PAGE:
4.8 GGS has operated a website from the domain name <vulcan-casino.com> since June 2011 and has operated similar websites from the Domain Names since their registration. At all relevant times these websites have offered online gaming services. The websites are in the Russian language and almost all of the users of those websites come from Russia and the Ukraine. The percentage of Russian visitors ranges from 46 percent in the case of the website operating from the Domain Name <club-vulcan.com>, to 82 percent in the case of visitors to the website operating from the Domain Name <vulcan-casino2.com>.

4.9 The websites operating from the Domain Names prominently feature the Volcano Design Mark. Although the websites are in Russian, the Complainant has provided uncontested translations of text that appears on the websites operating from the Domain Names as follows:

<casino-vulcan.co> and <cazino-vulcan.com>:

"Slots Volcano - a gaming brand, well-known in many countries. As for Russia and the CIS countries, there is, perhaps, there will be no such gamblers, who would not love to play clubs volcano.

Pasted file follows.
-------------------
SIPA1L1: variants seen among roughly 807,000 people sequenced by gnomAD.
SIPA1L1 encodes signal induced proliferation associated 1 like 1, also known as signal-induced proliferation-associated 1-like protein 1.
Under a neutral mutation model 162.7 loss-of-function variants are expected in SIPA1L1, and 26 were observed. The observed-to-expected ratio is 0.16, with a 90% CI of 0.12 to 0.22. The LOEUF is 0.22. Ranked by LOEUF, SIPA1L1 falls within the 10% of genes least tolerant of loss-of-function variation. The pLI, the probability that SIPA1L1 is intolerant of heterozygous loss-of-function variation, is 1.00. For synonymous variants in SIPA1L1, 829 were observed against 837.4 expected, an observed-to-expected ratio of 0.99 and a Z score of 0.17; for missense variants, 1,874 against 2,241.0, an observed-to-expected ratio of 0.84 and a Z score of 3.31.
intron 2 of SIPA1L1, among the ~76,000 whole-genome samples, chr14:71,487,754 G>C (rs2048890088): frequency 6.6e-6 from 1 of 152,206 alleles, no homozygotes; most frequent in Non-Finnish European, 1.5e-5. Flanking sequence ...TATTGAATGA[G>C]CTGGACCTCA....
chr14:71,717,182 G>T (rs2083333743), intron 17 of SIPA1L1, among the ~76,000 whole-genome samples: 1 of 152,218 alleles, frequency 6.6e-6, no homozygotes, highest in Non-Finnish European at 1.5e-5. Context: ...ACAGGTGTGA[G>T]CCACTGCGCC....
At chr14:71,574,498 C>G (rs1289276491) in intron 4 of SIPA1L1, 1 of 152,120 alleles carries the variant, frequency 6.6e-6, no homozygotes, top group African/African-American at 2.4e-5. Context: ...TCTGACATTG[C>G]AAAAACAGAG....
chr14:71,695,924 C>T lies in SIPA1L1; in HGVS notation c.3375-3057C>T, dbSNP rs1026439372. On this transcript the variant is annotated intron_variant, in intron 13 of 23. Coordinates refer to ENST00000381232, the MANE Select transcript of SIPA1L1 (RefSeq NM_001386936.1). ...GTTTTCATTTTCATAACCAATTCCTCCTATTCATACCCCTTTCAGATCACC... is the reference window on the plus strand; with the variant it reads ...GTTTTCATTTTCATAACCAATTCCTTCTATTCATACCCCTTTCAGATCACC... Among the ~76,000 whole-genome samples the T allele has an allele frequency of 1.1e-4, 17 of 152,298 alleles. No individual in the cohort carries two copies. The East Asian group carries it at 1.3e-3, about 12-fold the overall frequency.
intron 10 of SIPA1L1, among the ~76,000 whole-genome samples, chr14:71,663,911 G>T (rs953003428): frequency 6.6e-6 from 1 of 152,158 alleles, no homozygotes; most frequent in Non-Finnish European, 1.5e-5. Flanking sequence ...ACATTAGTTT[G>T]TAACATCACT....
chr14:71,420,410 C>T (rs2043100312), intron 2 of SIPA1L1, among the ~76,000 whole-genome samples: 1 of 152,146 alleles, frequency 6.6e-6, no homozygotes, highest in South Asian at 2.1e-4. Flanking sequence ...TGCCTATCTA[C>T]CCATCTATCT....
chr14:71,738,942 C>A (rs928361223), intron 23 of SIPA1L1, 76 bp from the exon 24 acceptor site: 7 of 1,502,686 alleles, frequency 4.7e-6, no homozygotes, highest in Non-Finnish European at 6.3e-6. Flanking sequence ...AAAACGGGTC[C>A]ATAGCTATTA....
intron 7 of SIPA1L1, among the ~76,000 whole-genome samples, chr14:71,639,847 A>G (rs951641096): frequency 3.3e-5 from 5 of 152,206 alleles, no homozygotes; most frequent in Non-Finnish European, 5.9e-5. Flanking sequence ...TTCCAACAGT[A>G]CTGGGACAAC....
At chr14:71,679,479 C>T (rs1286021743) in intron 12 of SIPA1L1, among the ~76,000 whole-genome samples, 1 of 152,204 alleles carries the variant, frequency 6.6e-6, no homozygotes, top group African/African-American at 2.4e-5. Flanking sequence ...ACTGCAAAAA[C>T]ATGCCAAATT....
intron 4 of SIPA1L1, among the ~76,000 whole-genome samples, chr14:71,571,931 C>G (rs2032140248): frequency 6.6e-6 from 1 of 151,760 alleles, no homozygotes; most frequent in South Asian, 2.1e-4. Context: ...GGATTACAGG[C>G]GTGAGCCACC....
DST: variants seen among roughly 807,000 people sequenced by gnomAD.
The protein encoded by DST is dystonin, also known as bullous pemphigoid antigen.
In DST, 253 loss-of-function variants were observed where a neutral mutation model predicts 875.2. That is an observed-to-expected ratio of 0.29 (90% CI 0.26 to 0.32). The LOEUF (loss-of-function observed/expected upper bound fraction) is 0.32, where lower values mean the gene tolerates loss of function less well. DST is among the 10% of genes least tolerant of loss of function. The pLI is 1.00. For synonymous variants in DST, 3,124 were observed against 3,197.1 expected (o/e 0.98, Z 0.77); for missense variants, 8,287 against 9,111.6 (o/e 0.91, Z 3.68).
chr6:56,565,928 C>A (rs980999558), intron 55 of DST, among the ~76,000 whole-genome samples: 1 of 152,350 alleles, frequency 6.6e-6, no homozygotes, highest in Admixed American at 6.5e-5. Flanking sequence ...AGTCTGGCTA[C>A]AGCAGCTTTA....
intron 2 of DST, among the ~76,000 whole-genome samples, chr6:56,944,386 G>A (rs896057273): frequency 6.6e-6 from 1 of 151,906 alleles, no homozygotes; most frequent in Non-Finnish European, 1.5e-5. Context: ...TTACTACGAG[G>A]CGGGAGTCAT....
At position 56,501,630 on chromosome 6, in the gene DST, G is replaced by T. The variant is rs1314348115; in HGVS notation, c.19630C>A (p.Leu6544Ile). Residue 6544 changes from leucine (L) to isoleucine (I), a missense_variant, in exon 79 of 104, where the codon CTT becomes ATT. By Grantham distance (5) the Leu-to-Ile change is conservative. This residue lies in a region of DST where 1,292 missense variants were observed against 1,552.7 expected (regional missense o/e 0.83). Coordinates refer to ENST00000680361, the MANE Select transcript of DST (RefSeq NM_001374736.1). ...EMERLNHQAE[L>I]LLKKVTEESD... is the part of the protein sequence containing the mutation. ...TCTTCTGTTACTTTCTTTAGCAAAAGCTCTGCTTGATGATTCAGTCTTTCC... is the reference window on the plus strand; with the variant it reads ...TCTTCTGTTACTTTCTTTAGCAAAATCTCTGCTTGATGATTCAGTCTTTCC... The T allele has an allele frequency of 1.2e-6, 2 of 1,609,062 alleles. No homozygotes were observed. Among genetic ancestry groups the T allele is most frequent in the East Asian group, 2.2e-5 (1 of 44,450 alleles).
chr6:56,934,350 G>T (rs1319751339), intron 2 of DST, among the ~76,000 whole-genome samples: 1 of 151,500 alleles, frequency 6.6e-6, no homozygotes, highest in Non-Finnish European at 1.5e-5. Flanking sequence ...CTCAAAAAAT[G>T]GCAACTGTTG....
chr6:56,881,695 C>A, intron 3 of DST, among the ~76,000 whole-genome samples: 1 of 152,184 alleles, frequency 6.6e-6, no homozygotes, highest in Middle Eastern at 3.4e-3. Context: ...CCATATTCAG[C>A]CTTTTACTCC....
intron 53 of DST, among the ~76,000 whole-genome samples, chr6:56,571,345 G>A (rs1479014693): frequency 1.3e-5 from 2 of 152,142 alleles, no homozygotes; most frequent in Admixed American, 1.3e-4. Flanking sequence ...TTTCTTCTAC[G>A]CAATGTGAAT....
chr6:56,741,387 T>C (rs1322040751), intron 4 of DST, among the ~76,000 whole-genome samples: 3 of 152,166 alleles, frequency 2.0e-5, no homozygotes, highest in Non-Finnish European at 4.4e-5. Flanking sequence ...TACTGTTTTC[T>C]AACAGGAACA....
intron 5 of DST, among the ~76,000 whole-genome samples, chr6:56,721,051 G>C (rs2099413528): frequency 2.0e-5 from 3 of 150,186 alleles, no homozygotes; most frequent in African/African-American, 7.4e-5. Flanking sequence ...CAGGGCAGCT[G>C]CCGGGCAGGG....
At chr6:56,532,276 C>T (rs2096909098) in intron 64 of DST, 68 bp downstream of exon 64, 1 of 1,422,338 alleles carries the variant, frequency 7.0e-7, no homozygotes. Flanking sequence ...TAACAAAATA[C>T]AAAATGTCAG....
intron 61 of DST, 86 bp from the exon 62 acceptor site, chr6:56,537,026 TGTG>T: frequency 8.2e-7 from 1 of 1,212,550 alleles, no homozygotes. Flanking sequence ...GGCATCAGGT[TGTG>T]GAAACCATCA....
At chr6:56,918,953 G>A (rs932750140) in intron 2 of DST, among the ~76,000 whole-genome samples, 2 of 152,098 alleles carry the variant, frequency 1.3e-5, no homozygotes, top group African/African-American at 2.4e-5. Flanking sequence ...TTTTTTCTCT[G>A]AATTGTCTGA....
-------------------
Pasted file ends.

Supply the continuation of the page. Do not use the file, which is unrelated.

The highest quality of service and the most generous slot machines on the market of gambling entertainment - these are our main features. It is because of this approach to business brand, 'Volcano' was the undisputed leader, and even synonymous with 'slots'. Have you caught yourself thinking 'Where to play slot machines?' Of course - in the volcano!

Keeping pace with the times, not so long ago we went out and the open spaces of the Internet. Now the old familiar games available right in your browser! Moreover - Casino- Vulcan.co on our site you can play slot machines for free, without registration and SMS."

and

"Official Game Club Volcano offers to play slot machines for free, without registration and sms! It is inconceivable that someone does not recognize good old red-and-blue logo 'Game Club Volcano.' Slot machines Vulcan were deservedly known throughout Russia and CIS countries.

By taking advantage of the Internet, we can now offer our customers an even greater service. One of our innovations is that you can play as well as in free slot machines for money in our club - Volcano online casino!"

<vulcan-casino.co> and <vulcan-cazino.net> <vulcan-cazino.org> and <vulcan-casino2.com>: